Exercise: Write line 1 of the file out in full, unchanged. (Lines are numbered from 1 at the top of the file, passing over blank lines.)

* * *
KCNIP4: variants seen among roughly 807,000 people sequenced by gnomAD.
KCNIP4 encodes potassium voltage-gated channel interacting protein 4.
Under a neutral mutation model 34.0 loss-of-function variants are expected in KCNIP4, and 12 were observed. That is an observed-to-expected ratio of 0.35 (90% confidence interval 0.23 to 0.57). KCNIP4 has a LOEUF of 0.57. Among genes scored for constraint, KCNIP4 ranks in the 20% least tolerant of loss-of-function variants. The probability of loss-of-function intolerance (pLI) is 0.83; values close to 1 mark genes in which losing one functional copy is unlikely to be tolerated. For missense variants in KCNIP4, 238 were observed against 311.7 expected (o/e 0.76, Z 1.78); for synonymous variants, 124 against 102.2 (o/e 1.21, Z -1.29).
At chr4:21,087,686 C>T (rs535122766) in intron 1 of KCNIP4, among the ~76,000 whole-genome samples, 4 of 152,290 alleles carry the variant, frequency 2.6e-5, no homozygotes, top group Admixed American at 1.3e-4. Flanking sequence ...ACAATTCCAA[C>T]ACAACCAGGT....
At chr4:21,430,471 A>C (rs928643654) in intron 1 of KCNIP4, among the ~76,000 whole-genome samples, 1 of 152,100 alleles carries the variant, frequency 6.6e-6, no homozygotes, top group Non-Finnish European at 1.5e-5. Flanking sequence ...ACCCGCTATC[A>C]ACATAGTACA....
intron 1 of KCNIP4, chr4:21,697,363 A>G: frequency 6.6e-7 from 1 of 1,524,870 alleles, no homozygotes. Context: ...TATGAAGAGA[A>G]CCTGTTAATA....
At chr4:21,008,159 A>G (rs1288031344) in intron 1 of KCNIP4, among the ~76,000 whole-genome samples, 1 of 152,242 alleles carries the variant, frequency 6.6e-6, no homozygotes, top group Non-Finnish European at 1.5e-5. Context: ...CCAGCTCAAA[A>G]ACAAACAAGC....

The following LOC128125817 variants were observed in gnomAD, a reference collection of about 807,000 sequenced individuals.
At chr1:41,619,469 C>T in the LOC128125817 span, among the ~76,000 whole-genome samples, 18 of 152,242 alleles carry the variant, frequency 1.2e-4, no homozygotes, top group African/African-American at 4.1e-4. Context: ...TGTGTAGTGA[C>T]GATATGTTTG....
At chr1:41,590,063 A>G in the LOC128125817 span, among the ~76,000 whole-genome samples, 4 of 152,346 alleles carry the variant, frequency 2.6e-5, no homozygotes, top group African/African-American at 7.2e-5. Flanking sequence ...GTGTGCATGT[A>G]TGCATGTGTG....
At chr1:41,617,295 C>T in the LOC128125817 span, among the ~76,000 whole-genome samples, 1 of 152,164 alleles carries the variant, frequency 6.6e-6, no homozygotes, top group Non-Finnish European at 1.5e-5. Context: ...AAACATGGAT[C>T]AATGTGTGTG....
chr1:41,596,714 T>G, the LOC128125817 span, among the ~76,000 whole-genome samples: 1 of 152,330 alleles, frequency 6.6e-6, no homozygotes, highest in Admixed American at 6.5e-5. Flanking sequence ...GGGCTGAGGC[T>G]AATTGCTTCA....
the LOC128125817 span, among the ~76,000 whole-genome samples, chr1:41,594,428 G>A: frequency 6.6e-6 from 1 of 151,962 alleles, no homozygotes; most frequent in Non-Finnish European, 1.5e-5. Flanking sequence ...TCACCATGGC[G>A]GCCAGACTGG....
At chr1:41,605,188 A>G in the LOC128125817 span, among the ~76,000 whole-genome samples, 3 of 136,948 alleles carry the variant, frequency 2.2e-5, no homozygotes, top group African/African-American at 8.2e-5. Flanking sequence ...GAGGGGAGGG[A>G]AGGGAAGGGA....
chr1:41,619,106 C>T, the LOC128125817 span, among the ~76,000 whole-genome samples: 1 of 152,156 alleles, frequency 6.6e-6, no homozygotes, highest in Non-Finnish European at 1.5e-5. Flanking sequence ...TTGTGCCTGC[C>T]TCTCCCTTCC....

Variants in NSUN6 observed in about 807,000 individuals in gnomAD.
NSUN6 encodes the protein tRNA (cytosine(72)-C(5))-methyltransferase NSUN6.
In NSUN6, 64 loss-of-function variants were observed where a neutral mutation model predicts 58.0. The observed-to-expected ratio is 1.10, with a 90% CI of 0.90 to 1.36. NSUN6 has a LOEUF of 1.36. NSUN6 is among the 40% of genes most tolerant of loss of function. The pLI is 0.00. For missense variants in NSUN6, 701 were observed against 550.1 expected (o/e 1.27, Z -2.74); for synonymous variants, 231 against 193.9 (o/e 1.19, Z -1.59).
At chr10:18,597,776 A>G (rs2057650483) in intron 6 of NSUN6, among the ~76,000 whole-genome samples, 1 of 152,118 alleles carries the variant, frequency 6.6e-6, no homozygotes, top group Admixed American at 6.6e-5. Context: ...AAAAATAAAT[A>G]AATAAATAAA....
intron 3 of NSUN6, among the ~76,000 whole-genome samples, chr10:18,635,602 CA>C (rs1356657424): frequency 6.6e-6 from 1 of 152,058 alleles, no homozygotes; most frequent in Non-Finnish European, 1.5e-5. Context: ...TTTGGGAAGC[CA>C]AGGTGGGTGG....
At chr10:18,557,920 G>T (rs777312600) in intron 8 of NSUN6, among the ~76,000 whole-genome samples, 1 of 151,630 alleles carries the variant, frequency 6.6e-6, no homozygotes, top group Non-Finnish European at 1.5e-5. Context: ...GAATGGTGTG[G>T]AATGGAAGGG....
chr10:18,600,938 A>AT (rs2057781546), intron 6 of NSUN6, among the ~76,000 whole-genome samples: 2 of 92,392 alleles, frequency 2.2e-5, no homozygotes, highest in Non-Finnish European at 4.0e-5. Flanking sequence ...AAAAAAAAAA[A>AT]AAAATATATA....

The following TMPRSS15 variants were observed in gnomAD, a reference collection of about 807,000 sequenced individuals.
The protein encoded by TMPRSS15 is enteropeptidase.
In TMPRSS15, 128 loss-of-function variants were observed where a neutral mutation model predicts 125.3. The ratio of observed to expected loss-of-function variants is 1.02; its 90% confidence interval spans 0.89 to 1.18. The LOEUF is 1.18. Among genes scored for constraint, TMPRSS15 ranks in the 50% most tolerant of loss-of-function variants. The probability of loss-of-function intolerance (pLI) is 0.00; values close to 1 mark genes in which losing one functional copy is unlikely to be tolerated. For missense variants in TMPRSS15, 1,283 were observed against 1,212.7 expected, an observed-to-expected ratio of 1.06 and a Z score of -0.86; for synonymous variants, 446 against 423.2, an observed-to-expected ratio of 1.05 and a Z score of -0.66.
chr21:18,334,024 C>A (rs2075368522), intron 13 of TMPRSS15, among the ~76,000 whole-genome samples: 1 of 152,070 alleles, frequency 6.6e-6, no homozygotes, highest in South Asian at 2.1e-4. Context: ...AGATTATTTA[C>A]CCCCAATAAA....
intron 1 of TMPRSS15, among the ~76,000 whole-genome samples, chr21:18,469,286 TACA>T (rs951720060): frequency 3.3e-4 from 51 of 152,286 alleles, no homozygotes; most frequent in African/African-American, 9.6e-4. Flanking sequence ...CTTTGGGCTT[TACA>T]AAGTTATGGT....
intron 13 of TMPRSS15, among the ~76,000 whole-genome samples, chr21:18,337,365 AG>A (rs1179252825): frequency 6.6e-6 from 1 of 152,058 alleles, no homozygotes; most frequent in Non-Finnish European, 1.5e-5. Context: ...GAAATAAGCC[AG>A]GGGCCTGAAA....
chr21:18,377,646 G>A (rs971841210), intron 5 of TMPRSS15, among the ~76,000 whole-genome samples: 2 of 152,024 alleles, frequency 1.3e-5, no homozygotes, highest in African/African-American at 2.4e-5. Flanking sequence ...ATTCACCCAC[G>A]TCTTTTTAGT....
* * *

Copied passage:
KCNIP4: variants seen among roughly 807,000 people sequenced by gnomAD.